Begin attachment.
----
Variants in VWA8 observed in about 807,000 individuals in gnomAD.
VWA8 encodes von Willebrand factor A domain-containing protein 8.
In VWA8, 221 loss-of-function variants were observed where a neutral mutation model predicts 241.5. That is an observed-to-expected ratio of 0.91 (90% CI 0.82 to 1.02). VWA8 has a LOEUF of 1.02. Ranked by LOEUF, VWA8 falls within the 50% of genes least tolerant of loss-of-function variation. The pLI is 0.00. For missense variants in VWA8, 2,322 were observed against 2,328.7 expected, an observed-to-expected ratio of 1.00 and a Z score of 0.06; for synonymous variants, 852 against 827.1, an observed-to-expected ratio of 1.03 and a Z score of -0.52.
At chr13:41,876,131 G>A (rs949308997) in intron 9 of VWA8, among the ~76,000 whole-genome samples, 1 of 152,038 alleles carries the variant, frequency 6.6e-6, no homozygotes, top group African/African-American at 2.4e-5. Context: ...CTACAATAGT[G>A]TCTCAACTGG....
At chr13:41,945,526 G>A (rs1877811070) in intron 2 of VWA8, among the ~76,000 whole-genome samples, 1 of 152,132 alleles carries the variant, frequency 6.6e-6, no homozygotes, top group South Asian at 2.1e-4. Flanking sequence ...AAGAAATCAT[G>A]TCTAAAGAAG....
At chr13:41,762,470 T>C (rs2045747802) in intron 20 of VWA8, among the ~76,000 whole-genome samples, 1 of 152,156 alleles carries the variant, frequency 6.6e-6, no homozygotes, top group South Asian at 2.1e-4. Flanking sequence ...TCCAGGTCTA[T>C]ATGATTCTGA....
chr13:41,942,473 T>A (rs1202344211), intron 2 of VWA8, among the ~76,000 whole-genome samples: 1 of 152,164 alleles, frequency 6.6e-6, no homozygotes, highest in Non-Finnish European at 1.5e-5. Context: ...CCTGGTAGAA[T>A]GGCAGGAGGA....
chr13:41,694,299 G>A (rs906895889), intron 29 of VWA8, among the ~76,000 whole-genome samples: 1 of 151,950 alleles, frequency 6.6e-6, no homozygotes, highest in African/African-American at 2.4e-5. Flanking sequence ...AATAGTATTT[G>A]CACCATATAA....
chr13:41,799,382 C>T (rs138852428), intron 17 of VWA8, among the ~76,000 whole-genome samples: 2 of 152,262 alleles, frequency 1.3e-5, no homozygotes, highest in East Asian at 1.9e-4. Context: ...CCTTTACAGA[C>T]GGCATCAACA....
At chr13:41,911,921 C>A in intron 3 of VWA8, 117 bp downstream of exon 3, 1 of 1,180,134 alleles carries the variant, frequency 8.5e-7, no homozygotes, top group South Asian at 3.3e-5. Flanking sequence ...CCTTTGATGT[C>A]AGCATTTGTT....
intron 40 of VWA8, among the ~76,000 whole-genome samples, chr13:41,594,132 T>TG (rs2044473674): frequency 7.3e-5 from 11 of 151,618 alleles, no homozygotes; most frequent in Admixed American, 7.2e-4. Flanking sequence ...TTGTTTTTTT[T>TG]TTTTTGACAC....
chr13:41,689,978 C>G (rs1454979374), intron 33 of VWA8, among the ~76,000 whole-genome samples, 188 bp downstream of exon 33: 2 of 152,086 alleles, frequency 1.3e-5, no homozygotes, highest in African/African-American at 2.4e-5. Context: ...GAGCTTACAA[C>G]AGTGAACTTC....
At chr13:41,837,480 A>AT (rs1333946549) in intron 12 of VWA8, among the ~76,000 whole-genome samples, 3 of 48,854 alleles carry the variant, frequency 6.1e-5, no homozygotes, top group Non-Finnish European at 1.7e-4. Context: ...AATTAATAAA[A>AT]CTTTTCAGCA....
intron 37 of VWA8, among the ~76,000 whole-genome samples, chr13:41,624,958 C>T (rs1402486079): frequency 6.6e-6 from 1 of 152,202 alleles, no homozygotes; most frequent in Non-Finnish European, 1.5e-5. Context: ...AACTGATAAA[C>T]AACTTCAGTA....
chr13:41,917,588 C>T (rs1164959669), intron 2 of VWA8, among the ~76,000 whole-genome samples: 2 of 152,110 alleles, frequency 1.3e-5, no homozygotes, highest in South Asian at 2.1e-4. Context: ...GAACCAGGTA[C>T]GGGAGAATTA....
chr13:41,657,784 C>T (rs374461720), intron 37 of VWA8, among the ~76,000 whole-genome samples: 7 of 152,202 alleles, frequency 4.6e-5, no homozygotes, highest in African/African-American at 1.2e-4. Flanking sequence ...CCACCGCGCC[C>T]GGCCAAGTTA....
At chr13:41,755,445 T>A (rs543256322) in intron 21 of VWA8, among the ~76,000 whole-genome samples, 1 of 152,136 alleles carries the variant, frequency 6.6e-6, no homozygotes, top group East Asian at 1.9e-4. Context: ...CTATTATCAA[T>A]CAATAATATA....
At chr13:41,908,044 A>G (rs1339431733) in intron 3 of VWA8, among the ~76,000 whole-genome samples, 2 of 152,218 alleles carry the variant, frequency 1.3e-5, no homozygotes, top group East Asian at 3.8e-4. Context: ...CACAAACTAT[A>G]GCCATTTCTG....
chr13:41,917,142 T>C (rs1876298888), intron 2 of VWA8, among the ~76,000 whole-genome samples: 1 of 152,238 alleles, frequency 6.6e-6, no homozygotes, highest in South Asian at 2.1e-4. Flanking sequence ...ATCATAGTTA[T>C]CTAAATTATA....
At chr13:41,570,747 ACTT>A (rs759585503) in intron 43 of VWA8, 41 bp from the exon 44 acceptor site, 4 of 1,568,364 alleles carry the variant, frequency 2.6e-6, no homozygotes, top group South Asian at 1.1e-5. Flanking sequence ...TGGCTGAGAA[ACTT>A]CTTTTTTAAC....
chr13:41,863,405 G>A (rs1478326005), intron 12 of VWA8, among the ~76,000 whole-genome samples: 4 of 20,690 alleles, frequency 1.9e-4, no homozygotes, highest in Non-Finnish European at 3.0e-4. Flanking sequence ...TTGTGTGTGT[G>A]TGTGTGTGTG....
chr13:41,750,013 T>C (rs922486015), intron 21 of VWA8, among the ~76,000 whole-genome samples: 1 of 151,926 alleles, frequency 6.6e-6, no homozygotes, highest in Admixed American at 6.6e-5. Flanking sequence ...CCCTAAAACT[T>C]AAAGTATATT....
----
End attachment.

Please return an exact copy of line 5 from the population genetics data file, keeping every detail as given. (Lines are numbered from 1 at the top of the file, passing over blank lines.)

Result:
At chr13:41,945,526 G>A (rs1877811070) in intron 2 of VWA8, among the ~76,000 whole-genome samples, 1 of 152,132 alleles carries the variant, frequency 6.6e-6, no homozygotes, top group South Asian at 2.1e-4. Flanking sequence ...AAGAAATCAT[G>A]TCTAAAGAAG....